bring down the house

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bring down the house

To perform or entertain so successfully as to cause the audience to erupt in applause, laughter, or cheers for a long stretch of time. She is a rising star as a stand-up comedian, always able to bring down the house during each performance.
See also: bring, down, house
Farlex Dictionary of Idioms. © 2015 Farlex, Inc, all rights reserved.

bring down the house

Also, bring the house down. Evoke tumultuous applause and cheers, as in Her solo brought the house down. This hyperbolic term suggests noise loud enough to pose a threat to the building-an unlikely occurrence. In the late 1800s, British music-hall comedians punned on it: when the audience greeted a joke with silence, they said, "Don't clap so hard; you'll bring down the house (it's a very old house)." [Mid-1700s]
See also: bring, down, house
The American Heritage® Dictionary of Idioms by Christine Ammer. Copyright © 2003, 1997 by The Christine Ammer 1992 Trust. Published by Houghton Mifflin Harcourt Publishing Company. All rights reserved.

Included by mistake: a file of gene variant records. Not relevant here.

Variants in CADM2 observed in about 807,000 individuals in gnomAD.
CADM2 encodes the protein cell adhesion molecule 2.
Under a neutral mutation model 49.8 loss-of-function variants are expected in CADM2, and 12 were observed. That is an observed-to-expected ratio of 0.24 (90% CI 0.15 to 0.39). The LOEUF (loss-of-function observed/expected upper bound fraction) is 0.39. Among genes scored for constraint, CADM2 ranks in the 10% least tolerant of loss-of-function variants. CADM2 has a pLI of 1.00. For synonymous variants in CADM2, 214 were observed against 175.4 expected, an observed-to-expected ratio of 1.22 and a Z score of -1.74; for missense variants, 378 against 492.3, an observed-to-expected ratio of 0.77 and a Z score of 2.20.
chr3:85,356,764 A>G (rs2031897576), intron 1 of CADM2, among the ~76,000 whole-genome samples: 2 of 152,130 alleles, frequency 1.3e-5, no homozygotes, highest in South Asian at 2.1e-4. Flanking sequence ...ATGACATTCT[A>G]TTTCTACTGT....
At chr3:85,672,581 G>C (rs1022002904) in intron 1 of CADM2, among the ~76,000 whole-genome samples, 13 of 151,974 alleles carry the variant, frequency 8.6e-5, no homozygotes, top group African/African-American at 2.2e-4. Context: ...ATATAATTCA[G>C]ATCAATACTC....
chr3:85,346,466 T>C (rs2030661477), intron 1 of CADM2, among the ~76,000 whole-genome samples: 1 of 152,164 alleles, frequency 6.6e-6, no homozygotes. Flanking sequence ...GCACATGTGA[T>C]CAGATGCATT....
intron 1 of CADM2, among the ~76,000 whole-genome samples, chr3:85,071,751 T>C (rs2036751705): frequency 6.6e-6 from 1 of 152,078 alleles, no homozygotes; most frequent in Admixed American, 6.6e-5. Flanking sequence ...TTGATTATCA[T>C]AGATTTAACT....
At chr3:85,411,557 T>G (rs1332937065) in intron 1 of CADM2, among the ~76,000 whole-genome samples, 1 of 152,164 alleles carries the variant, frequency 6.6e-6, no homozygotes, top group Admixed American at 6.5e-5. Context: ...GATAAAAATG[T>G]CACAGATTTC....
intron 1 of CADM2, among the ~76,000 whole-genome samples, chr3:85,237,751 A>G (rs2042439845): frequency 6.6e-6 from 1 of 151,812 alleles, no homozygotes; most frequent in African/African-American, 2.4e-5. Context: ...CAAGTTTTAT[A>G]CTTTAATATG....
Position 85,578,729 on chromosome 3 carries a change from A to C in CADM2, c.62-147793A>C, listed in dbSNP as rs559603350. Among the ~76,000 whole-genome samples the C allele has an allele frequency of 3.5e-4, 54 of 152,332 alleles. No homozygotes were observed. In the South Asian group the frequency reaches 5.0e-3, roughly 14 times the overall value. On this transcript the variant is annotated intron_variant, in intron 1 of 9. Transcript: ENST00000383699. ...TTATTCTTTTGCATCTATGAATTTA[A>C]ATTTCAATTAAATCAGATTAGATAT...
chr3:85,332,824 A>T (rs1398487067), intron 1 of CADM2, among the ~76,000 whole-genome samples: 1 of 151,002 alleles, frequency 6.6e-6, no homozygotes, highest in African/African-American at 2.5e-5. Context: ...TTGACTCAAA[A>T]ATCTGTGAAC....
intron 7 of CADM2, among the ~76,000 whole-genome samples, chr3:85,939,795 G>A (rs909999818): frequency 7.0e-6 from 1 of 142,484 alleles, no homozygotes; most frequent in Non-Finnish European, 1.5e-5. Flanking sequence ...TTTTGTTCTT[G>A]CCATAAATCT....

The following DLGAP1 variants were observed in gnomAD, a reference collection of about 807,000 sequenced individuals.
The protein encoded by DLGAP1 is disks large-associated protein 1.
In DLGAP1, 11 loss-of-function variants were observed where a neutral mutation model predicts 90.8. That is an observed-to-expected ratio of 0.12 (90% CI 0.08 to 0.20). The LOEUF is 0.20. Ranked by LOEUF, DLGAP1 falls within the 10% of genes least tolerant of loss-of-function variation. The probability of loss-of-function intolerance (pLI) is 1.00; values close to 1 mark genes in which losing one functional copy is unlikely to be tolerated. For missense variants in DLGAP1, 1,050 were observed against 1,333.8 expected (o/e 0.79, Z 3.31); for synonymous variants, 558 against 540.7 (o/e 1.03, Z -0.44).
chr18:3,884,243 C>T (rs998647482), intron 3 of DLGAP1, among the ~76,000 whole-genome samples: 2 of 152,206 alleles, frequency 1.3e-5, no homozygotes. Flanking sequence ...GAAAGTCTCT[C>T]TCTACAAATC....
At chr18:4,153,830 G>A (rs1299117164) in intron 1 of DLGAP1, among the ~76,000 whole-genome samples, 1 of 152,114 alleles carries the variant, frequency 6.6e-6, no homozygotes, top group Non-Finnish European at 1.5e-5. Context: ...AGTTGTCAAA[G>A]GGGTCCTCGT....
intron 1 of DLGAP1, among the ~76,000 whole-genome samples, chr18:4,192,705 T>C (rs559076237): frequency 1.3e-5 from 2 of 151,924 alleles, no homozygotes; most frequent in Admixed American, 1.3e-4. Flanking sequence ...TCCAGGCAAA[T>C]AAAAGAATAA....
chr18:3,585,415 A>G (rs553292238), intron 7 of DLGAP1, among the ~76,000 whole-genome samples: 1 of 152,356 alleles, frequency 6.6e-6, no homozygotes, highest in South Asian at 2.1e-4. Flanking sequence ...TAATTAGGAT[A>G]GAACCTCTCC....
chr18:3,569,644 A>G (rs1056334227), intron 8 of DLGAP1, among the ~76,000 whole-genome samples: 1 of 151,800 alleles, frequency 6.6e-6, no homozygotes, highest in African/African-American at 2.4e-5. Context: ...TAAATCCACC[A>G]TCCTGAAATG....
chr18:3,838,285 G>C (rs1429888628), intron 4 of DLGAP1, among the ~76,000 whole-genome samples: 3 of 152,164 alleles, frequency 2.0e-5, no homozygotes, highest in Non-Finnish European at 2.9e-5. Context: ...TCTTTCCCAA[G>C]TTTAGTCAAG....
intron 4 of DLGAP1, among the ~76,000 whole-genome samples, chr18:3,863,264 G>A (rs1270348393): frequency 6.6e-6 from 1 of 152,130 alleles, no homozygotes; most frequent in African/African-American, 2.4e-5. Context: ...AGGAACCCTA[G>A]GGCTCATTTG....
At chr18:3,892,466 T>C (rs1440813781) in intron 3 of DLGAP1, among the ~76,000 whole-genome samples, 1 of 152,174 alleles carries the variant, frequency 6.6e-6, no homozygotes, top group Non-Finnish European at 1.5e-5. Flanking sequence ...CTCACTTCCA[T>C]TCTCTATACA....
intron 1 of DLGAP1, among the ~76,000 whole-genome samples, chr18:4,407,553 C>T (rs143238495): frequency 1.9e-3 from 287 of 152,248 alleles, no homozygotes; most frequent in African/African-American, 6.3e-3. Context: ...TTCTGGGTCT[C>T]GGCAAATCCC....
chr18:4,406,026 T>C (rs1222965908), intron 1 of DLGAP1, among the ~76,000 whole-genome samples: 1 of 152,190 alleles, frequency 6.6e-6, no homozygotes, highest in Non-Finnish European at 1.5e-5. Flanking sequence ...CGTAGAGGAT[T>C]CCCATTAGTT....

bring down the house

To win overwhelming approval from an audience.
See also: bring, down, house
American Heritage® Dictionary of the English Language, Fifth Edition. Copyright © 2016 by Houghton Mifflin Harcourt Publishing Company. Published by Houghton Mifflin Harcourt Publishing Company. All rights reserved.

bring down the house, to

To cause an uproar of applause and cheers. The term comes from the mid-eighteenth-century theater and seems a little strange, in that a cheering audience will often rise to its feet. However, in its entirety the term later became “Don’t clap so hard; you’ll bring the house down (it’s a very old house),” and was a time-honored remark used by music-hall comedians when the audience greeted a joke with silence.
See also: bring, down, to
The Dictionary of Clichés by Christine Ammer Copyright © 2013 by Christine Ammer
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